Calhoun asks the Court to permit Calhoun to add William Keller as a judgment debtor to the Court’s July 26, 2019 Statement of Decision.

Calhoun also asks the Court to enter judgment against William Keller, in his individual capacity as an alter-ego of Aqua-Tech Inc., such that William Keller can be held individually liable under an alter ego theory.

LEGAL STANDARD

Section 187 of the Code of Civil Procedure grants to every court the power to use all means to carry its jurisdiction into effect, even if those means are not set out in the code.”  (NEC Electronics Inc. v. Hurt (1989) 208 Cal.App.3d 772, 779 (citation omitted).) (Ibid.) This includes the authority to amend a judgment to add an alter ego of an original judgment debtor, and thereby make the additional judgment debtor liable on the judgment.”  (Highland Springs Conference & Training Center v. City of Banning (2016) 244 Cal.App.4th 267, 280 (citation omitted).) Amending a judgment to add an alter ego of an original judgment debtor ‘is an equitable procedure based on the theory that the court is not amending the judgment to add a new defendant but is merely inserting the correct name of the real defendant.’’”  (Ibid. (citation omitted).)

To obtain an order adding an alter ego as a defendant, the judgment creditor must demonstrate, by a preponderance of the evidence, that: “(1) the parties to be added as judgment debtors had control of the underlying litigation and were virtually represented in that proceeding; (2) there is such a unity of interest and ownership that the separate personalities of the entity and the owners no longer exist; and (3) an inequitable result will follow if the acts are treated as those of the entity alone.” (Relentless Air Racing, LLC v. Airborne Turbine Ltd. Partnership (2013) 222 Cal.App.4th 811, 815-816.)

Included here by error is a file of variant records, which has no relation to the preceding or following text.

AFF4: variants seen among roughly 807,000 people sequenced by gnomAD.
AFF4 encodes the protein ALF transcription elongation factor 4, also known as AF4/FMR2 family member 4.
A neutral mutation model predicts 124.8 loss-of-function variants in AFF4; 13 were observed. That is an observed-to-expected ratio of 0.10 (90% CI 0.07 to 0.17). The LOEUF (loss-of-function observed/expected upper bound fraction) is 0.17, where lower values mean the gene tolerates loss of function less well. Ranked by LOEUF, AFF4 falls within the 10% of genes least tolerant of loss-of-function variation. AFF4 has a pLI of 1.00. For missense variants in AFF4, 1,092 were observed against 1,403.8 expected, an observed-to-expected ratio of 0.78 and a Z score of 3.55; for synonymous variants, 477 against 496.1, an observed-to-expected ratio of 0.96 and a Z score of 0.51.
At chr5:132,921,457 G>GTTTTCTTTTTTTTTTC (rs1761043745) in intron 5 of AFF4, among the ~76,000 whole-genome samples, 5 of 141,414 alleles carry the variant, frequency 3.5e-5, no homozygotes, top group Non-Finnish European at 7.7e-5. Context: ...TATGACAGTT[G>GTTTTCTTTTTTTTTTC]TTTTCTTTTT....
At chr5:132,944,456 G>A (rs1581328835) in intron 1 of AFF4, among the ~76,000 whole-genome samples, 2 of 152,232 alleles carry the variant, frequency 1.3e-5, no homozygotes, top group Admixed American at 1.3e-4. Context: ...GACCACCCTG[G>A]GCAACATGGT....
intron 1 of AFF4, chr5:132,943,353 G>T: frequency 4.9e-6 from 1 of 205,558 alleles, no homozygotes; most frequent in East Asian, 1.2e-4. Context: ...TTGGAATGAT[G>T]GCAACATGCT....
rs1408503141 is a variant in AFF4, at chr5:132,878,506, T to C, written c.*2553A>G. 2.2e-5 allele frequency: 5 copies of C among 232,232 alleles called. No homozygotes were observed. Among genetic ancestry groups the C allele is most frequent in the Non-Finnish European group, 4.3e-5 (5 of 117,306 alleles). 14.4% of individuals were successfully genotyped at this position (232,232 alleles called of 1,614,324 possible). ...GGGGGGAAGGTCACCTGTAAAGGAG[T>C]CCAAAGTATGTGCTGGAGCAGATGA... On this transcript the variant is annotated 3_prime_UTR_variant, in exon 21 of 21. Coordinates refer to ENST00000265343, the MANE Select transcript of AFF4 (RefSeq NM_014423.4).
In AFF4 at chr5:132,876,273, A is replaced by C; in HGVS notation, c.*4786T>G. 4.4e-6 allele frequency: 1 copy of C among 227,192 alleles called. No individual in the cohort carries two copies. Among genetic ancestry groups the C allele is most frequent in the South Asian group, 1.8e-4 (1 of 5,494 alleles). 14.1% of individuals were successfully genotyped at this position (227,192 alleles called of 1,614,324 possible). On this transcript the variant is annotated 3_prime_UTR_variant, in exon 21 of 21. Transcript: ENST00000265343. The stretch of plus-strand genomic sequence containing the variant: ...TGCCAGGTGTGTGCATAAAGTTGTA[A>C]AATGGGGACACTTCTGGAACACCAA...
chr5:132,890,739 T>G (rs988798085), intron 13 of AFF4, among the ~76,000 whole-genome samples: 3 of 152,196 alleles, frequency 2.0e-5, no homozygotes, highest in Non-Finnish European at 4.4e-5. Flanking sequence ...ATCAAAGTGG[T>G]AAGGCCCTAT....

Section 187 contemplates amending a judgment by noticed motion. . . . The court is not required to hold an evidentiary hearing on a motion to amend a judgment, but may rule on the motion based solely on declarations and other written evidence.”  (Highland Springs Conference & Training Center v. City of Banning, 244 Cal.App.4th at 280 (citing Wells Fargo Bank, N.A. v. Weinberg (2014) 227 Cal.App.4th 1, 9).) (Ibid.)

DISCUSSION

On October 8, 2019, Calhoun filed a proof of service showing William Keller was personally served with the moving papers on October 5, 2019.  Mr. Keller has not filed an opposition.  As such, the Court considers this unopposed motion.